When we discovered Mikkeller had a bar in Stockholm we were always going to seek it out because, well, it’s Mikkeller. The Stockholm bar is in a bit of a weird location. Situated in Östermalm it’s surrounded by shops and feels like a strange place to put a bar considering the other districts of Stockholm where this bar would’ve slotted in nicely. Nevertheless, it’s still a Mikkeller bar and still excellent. The decor was very similar to the bars in Copenhagen but felt much more spacious. The bar was quite narrow but housed plenty of seating options in its various nooks.
We got chatting to one of the bartenders who turned out to be from England and she was an excellent host, offering up her favourite beers and generally chatting about what it’s like to live in Stockholm as a Brit. We popped into Mikkeller about three times overall and each time the same bartender was there which became a bit of a running joke.
Best Beer: Russian Imperial Stout by Örebro Brygghus x All In Brewing - If there’s a Russian Impy on, then your boy’s having it. Rich, toffee, chocolate, luxury. Top drawer.
Swedish Brewing Co. was not far from Mikkeller. Located on a bridged road in the shopping area, we made hard work of actually finding it. Inside, it was quite rough around the edges and felt like the sort of place people would call in for a few beers after work. It was an odd shaped place but the barman was friendly and delighted to have some English lads in. I can’t imagine the beers venture too far out of Stockholm as the setup looks quite small so it was great to get to try some beers we wouldn’t otherwise. Even if they were quite run of the mill.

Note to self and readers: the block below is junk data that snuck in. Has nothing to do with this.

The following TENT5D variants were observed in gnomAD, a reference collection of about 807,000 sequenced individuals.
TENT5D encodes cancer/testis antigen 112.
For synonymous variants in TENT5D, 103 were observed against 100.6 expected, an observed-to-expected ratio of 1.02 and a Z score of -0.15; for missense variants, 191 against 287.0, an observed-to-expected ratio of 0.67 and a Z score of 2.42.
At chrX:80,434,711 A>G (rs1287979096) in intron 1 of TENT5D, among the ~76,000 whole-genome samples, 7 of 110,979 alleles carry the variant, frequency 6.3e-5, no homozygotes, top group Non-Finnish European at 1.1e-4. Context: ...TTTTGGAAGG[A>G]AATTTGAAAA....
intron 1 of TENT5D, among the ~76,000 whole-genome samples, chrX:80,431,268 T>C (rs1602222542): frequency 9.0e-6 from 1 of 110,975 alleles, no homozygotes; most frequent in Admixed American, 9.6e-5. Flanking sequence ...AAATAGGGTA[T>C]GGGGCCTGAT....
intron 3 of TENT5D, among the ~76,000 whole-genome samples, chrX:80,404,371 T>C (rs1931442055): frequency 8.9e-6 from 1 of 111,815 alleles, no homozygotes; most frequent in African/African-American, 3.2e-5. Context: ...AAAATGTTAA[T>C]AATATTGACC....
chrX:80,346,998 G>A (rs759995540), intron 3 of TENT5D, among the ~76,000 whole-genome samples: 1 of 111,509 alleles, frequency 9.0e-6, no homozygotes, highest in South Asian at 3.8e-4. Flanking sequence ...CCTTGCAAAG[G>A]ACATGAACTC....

Best Beer: Game Over by Swedish Brewing Co. - bought it because of the retro gaming label on the bottle. Alright.
We were lucky enough to meet up with two friends who lived in Stockholm - one Brit and one Swedish native who took us to the simply wonderful Akkurat. It’s not much to look at as a pub (essentially a big hall with lots of brown and wood) but there’s a whole lot of character and atmosphere here. This place was packed to the rafters which was a good sign and we luckily grabbed a table. There’s a lot of beer here - a ridiculous bottle list that we steered clear of because money. We were happy to be educated on some local tipple - they even had a mild on cask here!! Things got a little blurry towards the end of the night but the general feel of the place was just very, very pleasant and like a big hug.
Best Beer: Indian Tribute by Oppigårds Bryggeri - A punchy American IPA full of flavour with a distinct malty backbone.
The Bishop’s Arms - Södermalm
We ventured over to the Södermalm branch of this chain on a bit of a whim. We’d just eaten at Oliver Twist (see below) so were looking for a nightcap and rather than go to Omnipollo’s Hatt again, thought we’d mix it up a bit. The Bishop’s Arms are a chain of pubs that look just like a traditional English pub when you enter them - dark wooden panelling and stonework a-plenty. At a glance you’d almost think you were back in the UK, the only difference being that all of the patrons are beautiful Swedes and a pint is about £10. Oh, and there are two other pubs with this name in the city that likely look identical. Hmm.
Best Beer: Nothing But Trouble Barrel Aged Sherry by Ugly Duck Brewing Co. - Fucking hell, this was big. A barley wine aged in sherry barrels. Definitely a night cap beer.